LUCY ROSE - Live Review / Gallery with support from Flytes


The main support act this evening was due to be Mercury Music Prize nomination C Duncan, who unfortunately cancelled on the afternoon of the show due to losing his voice, this in turn meant the last minute addition of Lucy Rose’s keyboard player (under the moniker Swamp Mother) with Flyte being moved up a slot on the bill.

Much though industry awards can be considered controversial given they’re not chosen “by the people“ it was still a shame C Duncan had to pull out as the Mercury Music Prize has been largely successful in launching the careers of Dizzee Rascal, Elbow and Franz Ferdinand to name but a few.


It also meant that as a result of her early stage time I missed Swamp Mother and instead witnessed Flyte, who to be fair seemed to have a large following of their own and with tonight being a sell-out also had plenty of new fans to potentially win over with their middle of the road indie.

Their frontman interacted with the crowd, reminiscing on having played a battle of the bands at the Wedgewood rooms and although in that environment I may have enjoyed them a little more when it came to it ultimately Flyte were all a bit too bland for my liking.


When Lucy Rose took to the stage, I have to admit I still knew little about her – except for the fact that whilst she may well be tiny in stature, she had managed to sell out the Wedgewood Rooms, something that she too found very exciting and genuinely surprised at the turn out for the night.

Her popularity was soon understandable, for Lucy Rose is more than just another female singer songwriter, if she was to appear with just an acoustic guitar (which for one song in the encore she did) I feel her talents may be a little lost as having the full band really brought her songs to life.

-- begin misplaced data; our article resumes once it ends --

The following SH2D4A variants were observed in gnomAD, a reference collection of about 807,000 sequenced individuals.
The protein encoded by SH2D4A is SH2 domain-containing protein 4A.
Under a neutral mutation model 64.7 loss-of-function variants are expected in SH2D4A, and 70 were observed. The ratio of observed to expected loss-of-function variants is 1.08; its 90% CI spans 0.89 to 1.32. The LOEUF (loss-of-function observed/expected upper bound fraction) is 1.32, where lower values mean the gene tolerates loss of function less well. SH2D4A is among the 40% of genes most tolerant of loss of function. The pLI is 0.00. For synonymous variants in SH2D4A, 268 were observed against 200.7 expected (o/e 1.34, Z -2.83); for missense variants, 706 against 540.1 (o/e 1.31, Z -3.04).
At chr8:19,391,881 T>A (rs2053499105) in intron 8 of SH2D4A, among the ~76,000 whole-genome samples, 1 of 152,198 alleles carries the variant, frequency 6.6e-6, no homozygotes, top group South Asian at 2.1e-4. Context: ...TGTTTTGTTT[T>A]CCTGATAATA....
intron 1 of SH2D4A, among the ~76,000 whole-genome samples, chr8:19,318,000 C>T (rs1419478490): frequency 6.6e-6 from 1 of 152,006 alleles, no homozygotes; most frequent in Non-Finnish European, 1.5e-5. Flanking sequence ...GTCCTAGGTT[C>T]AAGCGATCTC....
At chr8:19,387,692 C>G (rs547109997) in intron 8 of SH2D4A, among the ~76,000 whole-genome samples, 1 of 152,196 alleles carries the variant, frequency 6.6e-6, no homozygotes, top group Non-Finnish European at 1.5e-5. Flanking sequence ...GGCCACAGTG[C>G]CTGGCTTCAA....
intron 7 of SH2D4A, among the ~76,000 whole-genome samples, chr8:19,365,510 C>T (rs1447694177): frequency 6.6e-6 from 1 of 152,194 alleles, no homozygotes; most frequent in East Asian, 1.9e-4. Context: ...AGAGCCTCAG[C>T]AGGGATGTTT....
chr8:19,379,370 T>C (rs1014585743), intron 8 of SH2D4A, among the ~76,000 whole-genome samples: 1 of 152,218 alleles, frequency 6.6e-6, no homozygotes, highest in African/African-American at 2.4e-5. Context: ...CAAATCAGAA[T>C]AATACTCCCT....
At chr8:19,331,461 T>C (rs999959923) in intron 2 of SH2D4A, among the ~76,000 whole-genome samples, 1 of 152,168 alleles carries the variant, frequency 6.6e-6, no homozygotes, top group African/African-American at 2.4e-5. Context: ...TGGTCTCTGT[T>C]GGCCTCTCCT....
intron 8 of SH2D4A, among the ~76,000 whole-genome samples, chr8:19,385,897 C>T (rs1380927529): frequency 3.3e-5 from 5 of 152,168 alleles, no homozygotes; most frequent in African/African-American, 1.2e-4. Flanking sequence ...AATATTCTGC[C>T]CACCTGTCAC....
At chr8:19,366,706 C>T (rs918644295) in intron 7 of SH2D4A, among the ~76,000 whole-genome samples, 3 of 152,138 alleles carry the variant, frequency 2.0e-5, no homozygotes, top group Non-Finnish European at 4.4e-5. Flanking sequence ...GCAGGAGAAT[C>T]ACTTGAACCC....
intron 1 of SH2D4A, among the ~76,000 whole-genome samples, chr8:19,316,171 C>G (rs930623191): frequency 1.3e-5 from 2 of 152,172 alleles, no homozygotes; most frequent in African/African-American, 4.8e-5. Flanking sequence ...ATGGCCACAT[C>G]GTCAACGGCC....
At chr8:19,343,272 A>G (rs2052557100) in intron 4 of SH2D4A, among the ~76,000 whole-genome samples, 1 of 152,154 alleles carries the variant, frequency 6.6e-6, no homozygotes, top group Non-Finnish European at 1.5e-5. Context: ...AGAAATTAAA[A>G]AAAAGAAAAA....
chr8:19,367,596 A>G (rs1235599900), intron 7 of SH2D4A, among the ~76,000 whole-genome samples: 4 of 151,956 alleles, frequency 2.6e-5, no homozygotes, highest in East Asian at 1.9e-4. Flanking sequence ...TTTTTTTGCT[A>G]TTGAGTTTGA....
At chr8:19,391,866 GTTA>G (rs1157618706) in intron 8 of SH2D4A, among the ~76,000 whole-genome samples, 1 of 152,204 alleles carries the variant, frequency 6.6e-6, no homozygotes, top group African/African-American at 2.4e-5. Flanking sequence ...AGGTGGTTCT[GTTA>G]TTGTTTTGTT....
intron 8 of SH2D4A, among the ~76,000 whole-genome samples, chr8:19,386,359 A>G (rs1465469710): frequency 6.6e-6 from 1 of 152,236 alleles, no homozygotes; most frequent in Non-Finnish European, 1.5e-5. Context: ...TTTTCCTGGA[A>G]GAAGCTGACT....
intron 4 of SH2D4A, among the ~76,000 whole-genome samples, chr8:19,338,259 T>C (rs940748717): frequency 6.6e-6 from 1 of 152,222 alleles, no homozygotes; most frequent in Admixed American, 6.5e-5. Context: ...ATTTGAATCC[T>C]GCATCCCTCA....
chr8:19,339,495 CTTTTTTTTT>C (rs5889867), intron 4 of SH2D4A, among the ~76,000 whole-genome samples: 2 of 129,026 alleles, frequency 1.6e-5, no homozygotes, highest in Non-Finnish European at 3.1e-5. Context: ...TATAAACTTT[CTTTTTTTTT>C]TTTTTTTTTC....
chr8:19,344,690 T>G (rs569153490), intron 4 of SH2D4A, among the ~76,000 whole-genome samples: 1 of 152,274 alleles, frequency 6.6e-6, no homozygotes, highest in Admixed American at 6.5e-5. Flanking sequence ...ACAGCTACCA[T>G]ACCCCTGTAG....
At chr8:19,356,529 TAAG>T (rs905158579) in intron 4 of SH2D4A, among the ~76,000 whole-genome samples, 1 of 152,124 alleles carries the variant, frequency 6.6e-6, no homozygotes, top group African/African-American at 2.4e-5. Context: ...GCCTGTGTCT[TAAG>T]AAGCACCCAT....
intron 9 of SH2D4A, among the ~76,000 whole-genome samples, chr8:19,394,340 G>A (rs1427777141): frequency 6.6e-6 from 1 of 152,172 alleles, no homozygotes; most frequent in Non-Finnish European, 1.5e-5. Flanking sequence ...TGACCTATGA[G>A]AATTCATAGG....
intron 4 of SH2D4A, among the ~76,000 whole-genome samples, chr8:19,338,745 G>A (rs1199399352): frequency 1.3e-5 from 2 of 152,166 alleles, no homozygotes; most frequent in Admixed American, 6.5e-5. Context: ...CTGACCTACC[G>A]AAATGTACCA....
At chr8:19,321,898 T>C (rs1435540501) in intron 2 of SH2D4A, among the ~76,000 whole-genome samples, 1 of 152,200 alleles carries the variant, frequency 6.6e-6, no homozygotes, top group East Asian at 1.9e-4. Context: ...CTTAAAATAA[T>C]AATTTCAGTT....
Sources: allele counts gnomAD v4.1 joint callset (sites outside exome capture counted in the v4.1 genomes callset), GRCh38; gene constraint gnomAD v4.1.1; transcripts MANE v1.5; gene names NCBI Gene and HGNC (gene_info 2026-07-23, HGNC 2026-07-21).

Lucy Rose’s first album “Like I used to” was recorded in her parents’ house and soon reached top twenty in the UK album charts, it’s no wonder then that from her humble beginnings to being propelled into the mainstream Lucy appeared somewhat nervous about the reaction her new album “Work it Out” would receive, between songs she often reiterated how there were no expectations upon her first release and is now aware of the expectations for the second.

When it came to it though putting down her guitar and stepping behind keyboards for the more stripped back “Nebraska” showed there was definitely nothing to worry about, ok there was a little of the Saturday night curse with people talking but as soon as things picked up with more lively numbers such as “Koln” there was plenty of crowd interaction – from cheesy handclaps to Lucy Rose noticing a dance routine near the front of the crowd, everyone appeared in good spirits and as the encore came to a close after a mammoth 18 track set-list it was no wonder the Wedgewood Rooms was the place to be on such a wet and windy evening.